About Subscribe Submit news Get in touch
 
Home Opinion In depth Video LIVE news Interviews Company profiles Events diary Jobs
Climate crisis could see UK heritage sites left to erode | Planet Attractions
     



Climate crisis could see UK heritage sites left to erode

Heritage sites in the UK may be permanently altered by climate change, with heritage bosses considering whether to treat erosion as part of their “ongoing story”.






Heritage sites in the UK may be permanently altered by climate change, with heritage bosses considering whether to treat erosion as part of their “ongoing story”.

Extreme rainfall, flooding, heatwaves, high winds, soil subsidence and coastal erosion are all threatening historic sites, including churches, houses, castles and sites of natural significance.

A three-year action plan by English Heritage vows to map climate hazards at all 420 of its sites. The National Trust, the other main body that owns historic sites, says three quarters of its “most important land” is vulnerable.

Six castles identified as being particularly at risk include Cornwall’s Tintagel Castle, part of the legend of King Arthur, and Hampshire’s Hurst Castle, which saw a large section of its sea wall collapse in 2021.

More here


Live

 

Brogent plans Attack on Titan content as company also prepares to open trio of flying theatres in 2024





Attractions.io championing guest experience in 2024 with new product releases





Plans to build second Great Wolf waterpark resort in the UK move step closer after ‘in-principle’ deal agreed




Industry insights



Museum exhibition design trends



Video



WATCH: Steve Drake on accesso’s expanding portfolio


In Depth



Mundo Amazonia: Exploring Bellewaerde Park’s new themed area for 2024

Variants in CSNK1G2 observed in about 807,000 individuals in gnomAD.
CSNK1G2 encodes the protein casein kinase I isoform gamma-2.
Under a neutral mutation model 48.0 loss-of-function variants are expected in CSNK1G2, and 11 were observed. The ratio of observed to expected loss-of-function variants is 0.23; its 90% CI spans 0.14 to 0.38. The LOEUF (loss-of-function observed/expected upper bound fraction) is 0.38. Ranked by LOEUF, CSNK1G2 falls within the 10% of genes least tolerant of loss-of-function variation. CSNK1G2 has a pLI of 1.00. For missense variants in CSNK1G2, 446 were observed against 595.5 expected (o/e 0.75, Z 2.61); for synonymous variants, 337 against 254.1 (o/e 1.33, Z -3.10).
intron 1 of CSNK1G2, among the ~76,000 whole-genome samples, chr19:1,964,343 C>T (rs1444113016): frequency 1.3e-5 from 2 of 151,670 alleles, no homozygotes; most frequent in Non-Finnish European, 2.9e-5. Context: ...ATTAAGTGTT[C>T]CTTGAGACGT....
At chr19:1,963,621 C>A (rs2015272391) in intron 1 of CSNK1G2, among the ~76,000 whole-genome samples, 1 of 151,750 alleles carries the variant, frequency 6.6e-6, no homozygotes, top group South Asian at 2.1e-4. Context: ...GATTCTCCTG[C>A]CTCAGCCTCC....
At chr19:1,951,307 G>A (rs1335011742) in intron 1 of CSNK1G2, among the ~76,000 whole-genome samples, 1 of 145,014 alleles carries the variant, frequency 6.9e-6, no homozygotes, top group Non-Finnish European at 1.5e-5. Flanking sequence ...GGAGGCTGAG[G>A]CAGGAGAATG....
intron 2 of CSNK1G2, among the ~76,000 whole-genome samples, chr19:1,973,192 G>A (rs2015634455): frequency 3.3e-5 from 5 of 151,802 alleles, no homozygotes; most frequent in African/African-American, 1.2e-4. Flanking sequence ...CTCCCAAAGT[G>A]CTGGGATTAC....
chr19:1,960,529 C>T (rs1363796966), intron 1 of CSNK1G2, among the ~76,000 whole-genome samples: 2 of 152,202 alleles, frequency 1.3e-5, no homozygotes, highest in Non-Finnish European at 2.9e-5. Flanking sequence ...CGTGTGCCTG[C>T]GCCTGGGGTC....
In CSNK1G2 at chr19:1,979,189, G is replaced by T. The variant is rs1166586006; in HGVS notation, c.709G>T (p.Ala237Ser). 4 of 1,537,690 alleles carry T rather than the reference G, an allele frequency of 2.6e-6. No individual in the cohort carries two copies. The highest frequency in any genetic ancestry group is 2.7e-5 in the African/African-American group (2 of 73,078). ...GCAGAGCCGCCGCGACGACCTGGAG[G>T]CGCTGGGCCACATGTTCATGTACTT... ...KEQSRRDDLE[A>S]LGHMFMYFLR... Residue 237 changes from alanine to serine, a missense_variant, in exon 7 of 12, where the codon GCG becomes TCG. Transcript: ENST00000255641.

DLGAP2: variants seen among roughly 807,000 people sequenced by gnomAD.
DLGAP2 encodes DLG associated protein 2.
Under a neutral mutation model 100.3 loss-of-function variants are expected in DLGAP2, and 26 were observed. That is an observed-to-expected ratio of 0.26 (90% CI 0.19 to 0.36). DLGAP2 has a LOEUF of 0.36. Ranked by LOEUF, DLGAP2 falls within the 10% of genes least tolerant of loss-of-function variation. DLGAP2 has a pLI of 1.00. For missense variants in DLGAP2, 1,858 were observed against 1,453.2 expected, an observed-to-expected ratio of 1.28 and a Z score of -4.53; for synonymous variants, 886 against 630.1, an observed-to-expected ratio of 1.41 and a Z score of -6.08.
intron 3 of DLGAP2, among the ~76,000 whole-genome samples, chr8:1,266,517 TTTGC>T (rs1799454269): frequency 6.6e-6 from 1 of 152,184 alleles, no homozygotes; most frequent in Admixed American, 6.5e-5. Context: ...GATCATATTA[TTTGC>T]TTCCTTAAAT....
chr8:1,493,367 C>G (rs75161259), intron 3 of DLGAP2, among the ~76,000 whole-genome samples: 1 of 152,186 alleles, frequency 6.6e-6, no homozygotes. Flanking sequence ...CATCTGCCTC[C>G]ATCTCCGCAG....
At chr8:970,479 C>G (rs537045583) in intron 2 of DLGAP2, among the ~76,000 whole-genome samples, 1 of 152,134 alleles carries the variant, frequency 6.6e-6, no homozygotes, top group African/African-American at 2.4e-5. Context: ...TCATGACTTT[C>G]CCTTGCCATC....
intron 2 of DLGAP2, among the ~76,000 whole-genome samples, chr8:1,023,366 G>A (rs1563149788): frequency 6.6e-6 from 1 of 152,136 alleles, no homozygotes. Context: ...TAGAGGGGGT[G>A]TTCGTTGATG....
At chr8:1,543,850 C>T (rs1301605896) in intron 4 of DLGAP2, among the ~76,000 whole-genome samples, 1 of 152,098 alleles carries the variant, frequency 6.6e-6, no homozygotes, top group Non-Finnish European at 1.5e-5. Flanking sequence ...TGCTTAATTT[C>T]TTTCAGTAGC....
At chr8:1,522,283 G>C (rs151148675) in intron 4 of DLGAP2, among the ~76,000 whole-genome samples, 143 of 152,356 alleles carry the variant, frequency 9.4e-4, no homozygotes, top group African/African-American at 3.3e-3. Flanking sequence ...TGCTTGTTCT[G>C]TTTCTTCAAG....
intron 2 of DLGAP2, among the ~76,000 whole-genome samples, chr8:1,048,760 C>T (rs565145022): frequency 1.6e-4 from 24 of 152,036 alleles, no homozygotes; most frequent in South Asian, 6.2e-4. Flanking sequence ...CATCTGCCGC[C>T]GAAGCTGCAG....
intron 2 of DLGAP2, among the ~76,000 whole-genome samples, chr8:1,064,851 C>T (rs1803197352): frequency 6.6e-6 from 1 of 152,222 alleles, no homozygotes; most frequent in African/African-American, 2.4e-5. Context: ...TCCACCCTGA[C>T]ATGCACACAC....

© Kazoo 5 Limited 2024
About Subscribe Get in touch
 
Opinion In depth Interviews
LIVE news Profiles Diary Video
Jobs
Climate crisis could see UK heritage sites left to erode | Planet Attractions


Climate crisis could see UK heritage sites left to erode

Heritage sites in the UK may be permanently altered by climate change, with heritage bosses considering whether to treat erosion as part of their “ongoing story”.






Heritage sites in the UK may be permanently altered by climate change, with heritage bosses considering whether to treat erosion as part of their “ongoing story”.

Extreme rainfall, flooding, heatwaves, high winds, soil subsidence and coastal erosion are all threatening historic sites, including churches, houses, castles and sites of natural significance.

A three-year action plan by English Heritage vows to map climate hazards at all 420 of its sites. The National Trust, the other main body that owns historic sites, says three quarters of its “most important land” is vulnerable.

Six castles identified as being particularly at risk include Cornwall’s Tintagel Castle, part of the legend of King Arthur, and Hampshire’s Hurst Castle, which saw a large section of its sea wall collapse in 2021.

More here


 



© Kazoo 5 Limited 2024